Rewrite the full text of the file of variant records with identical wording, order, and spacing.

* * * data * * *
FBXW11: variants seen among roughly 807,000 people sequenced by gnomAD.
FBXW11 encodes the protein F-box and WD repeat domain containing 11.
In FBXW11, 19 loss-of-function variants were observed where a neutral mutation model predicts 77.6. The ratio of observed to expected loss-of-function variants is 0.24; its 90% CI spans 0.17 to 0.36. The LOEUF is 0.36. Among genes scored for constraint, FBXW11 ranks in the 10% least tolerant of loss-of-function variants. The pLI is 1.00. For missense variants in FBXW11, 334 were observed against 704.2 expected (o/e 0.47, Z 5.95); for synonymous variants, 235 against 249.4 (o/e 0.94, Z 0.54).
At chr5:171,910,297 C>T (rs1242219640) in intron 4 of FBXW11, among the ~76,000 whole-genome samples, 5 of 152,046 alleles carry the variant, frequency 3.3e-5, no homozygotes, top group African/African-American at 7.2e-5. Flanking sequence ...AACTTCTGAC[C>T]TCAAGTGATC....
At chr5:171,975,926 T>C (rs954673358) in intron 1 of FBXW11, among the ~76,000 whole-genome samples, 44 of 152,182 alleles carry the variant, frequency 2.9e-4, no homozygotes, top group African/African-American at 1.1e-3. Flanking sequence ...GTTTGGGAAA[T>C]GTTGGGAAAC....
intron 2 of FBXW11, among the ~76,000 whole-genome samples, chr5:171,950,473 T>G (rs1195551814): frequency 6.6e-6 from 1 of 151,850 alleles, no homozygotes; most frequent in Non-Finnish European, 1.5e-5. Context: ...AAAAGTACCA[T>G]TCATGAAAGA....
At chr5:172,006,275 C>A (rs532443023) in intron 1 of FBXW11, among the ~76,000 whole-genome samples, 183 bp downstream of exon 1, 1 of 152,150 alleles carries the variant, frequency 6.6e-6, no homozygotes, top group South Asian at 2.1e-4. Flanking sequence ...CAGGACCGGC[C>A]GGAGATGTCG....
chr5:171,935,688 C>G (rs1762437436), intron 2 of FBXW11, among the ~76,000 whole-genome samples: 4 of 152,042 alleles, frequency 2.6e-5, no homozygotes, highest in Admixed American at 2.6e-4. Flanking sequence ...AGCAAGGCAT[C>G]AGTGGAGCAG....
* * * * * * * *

FBXW11: variants seen among roughly 807,000 people sequenced by gnomAD.
FBXW11 encodes the protein F-box and WD repeat domain containing 11.
In FBXW11, 19 loss-of-function variants were observed where a neutral mutation model predicts 77.6. The ratio of observed to expected loss-of-function variants is 0.24; its 90% CI spans 0.17 to 0.36. The LOEUF is 0.36. Among genes scored for constraint, FBXW11 ranks in the 10% least tolerant of loss-of-function variants. The pLI is 1.00. For missense variants in FBXW11, 334 were observed against 704.2 expected (o/e 0.47, Z 5.95); for synonymous variants, 235 against 249.4 (o/e 0.94, Z 0.54).
At chr5:171,910,297 C>T (rs1242219640) in intron 4 of FBXW11, among the ~76,000 whole-genome samples, 5 of 152,046 alleles carry the variant, frequency 3.3e-5, no homozygotes, top group African/African-American at 7.2e-5. Flanking sequence ...AACTTCTGAC[C>T]TCAAGTGATC....
At chr5:171,975,926 T>C (rs954673358) in intron 1 of FBXW11, among the ~76,000 whole-genome samples, 44 of 152,182 alleles carry the variant, frequency 2.9e-4, no homozygotes, top group African/African-American at 1.1e-3. Flanking sequence ...GTTTGGGAAA[T>C]GTTGGGAAAC....
intron 2 of FBXW11, among the ~76,000 whole-genome samples, chr5:171,950,473 T>G (rs1195551814): frequency 6.6e-6 from 1 of 151,850 alleles, no homozygotes; most frequent in Non-Finnish European, 1.5e-5. Context: ...AAAAGTACCA[T>G]TCATGAAAGA....
At chr5:172,006,275 C>A (rs532443023) in intron 1 of FBXW11, among the ~76,000 whole-genome samples, 183 bp downstream of exon 1, 1 of 152,150 alleles carries the variant, frequency 6.6e-6, no homozygotes, top group South Asian at 2.1e-4. Flanking sequence ...CAGGACCGGC[C>A]GGAGATGTCG....
chr5:171,935,688 C>G (rs1762437436), intron 2 of FBXW11, among the ~76,000 whole-genome samples: 4 of 152,042 alleles, frequency 2.6e-5, no homozygotes, highest in Admixed American at 2.6e-4. Flanking sequence ...AGCAAGGCAT[C>G]AGTGGAGCAG....